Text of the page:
- Bodyarmor paints itself as a healthier sports drink alternative to giants like Gatorade.
- The sports drink industry persuades average consumers to believe these beverages will enhance athletic performance.
- Doctors don't recommend sports drinks to most, as they're typically loaded with sugar and questionable additives.
- Though Bodyarmor is technically healthier than its competitors, water is the god-tier hydration option.
Considering almighty sports drink Gatorade was invented for the University of Florida Gators football team in the 1960s, downing a bottle of the neon-hued stuff makes us feel like professional athletes replenishing sacred fuel. Gatorade jumpstarted an industry now worth well over $6 billion in the U.S.
Despite doctors repeatedly rejecting sports drinks, promises of bountiful electrolytes and vitamins make them appealing.
In fact, Bodyarmor sports drinks boast "potassium-packed electrolytes, antioxidants, [and] no artificial sweeteners, flavors, or dyes." Heck, if the ab-adorned J.Lo is drinking it, maybe we all should be. So, are Bodyarmors actually good for you?
Are Bodyarmors good for you? The "rehydration champ" brand is loaded with sugar.
According to UnityPoint Health, people should only rely on sports drinks "during extended and heavy exercise that lasts longer than an hour."
Dr. Andrew Nish, M.D., revealed his thoughts on sports drinks to the health care company.
“They have been marketed to the masses with the underlying message that if you drink these, you will become a great athlete like Michael Jordan. Unfortunately, most people will just gain weight,” he explained.
So, what's the consensus on Bodyarmors specifically?
After reviewing the Bodyarmor Blue Rasberry drink for Illuminate Labs, registered dietician DJ Mazzoni pointed to the bottle's 21 grams of cane sugar. As per Illuminate Labs, excessive added sugar in one's diet can lead to cardiovascular disease and type 2 diabetes.
Additionally, Dr. Nish worries about tooth enamel erosion, as "most" sugary sports drinks have a pH between 3 and 4. This is connected to enamel demineralization.
That said, health coach and certified nutritionist Karin Adoni Ben-David doesn't think Bodyarmor is too terrible.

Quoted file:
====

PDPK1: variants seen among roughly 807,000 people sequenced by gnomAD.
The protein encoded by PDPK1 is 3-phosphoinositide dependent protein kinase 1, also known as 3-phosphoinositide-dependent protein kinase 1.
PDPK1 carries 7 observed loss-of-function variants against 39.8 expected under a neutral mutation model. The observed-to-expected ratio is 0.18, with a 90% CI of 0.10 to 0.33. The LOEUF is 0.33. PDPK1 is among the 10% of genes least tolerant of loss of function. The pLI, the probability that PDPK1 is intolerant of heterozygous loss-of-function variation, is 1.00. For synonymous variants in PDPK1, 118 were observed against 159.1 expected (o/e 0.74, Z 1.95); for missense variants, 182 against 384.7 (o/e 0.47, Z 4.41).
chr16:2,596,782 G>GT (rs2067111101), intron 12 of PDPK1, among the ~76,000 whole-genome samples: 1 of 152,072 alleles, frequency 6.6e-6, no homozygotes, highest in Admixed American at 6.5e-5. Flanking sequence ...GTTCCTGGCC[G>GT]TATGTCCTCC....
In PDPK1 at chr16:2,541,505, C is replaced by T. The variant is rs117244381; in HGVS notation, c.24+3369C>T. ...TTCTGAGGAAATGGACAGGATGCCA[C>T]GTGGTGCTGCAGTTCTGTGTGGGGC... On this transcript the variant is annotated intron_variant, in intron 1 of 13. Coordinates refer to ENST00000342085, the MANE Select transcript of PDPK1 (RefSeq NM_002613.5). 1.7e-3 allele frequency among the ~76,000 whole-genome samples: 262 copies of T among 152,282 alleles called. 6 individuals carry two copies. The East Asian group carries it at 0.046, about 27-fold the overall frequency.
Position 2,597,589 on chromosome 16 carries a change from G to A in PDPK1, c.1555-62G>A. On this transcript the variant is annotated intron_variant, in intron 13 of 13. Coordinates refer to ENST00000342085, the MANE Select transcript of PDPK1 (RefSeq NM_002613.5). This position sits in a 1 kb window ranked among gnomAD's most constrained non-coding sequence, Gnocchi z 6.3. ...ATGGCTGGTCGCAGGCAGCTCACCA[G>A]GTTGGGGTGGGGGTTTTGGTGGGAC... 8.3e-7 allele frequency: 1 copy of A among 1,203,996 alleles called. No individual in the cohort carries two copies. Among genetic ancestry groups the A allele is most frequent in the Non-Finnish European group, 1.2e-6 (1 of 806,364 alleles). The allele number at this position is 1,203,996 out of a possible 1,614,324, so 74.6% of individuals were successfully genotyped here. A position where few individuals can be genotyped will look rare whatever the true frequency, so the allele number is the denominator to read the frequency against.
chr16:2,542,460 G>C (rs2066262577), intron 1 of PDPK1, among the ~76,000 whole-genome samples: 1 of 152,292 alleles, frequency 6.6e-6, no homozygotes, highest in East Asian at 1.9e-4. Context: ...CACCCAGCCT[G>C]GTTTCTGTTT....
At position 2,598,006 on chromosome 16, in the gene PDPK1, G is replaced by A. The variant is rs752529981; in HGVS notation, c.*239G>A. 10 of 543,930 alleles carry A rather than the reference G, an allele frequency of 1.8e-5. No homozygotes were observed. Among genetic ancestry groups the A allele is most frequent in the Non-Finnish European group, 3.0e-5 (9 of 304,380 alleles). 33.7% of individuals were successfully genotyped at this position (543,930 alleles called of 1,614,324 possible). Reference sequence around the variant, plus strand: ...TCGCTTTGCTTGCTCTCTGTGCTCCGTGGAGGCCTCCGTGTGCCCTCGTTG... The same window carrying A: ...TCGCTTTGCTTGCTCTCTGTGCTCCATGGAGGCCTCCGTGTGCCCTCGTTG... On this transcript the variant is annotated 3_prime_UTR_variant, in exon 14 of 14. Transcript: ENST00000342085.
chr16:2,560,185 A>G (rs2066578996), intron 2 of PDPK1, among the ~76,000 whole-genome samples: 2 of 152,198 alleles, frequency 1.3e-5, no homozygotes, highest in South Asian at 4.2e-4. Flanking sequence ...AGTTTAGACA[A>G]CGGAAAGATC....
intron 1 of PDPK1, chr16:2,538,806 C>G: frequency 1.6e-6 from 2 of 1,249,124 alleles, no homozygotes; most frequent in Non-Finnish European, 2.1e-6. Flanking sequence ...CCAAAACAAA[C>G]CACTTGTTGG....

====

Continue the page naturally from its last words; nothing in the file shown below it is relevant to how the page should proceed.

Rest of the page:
As Ben-David explained to InsideHook, Bodyarmor's Fruit Punch contains coconut water, added vitamins, and other "nice ingredients." Mazzoni agrees that coconut water is a healthy ingredient, and he likes that Bodyarmor drinks are colored with vegetable juice concentrate instead of artificial dyes.
Still, ingredients like citric acid, natural flavors, aded sugar, and a plethora of added vitamins all muddy the ingredients list.
Are Bodyarmor Edge drinks good for you?
As for the Bodyarmor Edge series, which offers a 140-milligram "boost of caffeine," it's complicated.
As detailed in a 2020 scholarly article, recent discoveries found that "caffeine may increase or decrease exercise performance."
Nevertheless, many medical professionals, including pediatric sports medicine specialist Dr. Carolyn Marie Landsberg, M.D., have touched on the benefits of caffeine during exercise.
"Small to moderate benefits of caffeine use have been shown in muscle endurance, movement speed, and muscle strength,” she told UHealth Collective. “There is also evidence for benefits in [jumping and throwing].”
But with a whopping 44 grams of sugar per bottle, you may want to avoid Bodyarmor's Edge series.
Is Bodyarmor Lyte good for you?
The Bodyarmor Lyte series offers a low-calorie beverage with no added sugar. After reviewing the Bodyarmor Lyte Blueberry Pomegranate drink, Mazzoni found just one main difference between the low-calorie drink and the OG SuperDrink: Bodyarmor Lyte is sweetened with erythritol and stevia leaf.
Mazzoni and Illuminate Labs deemed these natural sugar alternatives to be "healthier choices than added sugar," though other research has found a connection between erythritol and conditions including blood clots, heart attacks, and strokes.
Is Bodyarmor better for you than Gatorade?
If we threw the two sports drinks in the ring together, both Mazzoni and Ben-David would choose Bodyarmor.
Mazzoni sees Bodyarmor's products as healthier because they have less added sugar than Gatorade (not the Bodyarmor Edge series, though) and no artificial dyes.
In a list ranking the healthiest sports drinks for InsideHook, Ben-David ranked Bodyarmor's Fruit Punch as No. 3, one position ahed of Gatorade's Organic Thirst Quencher, which came in fourth.
And if you're debating between the SuperDrink series and the Lyte series, the low-calorie option is slightly healthier.
Still, unless you're training for the Olympics, water is your best option.
“Water should be the beverage of choice for hydration before, during, and after physical activity or exercise routines lasting less than one hour,” Dr. Nish told UnityPoint Health.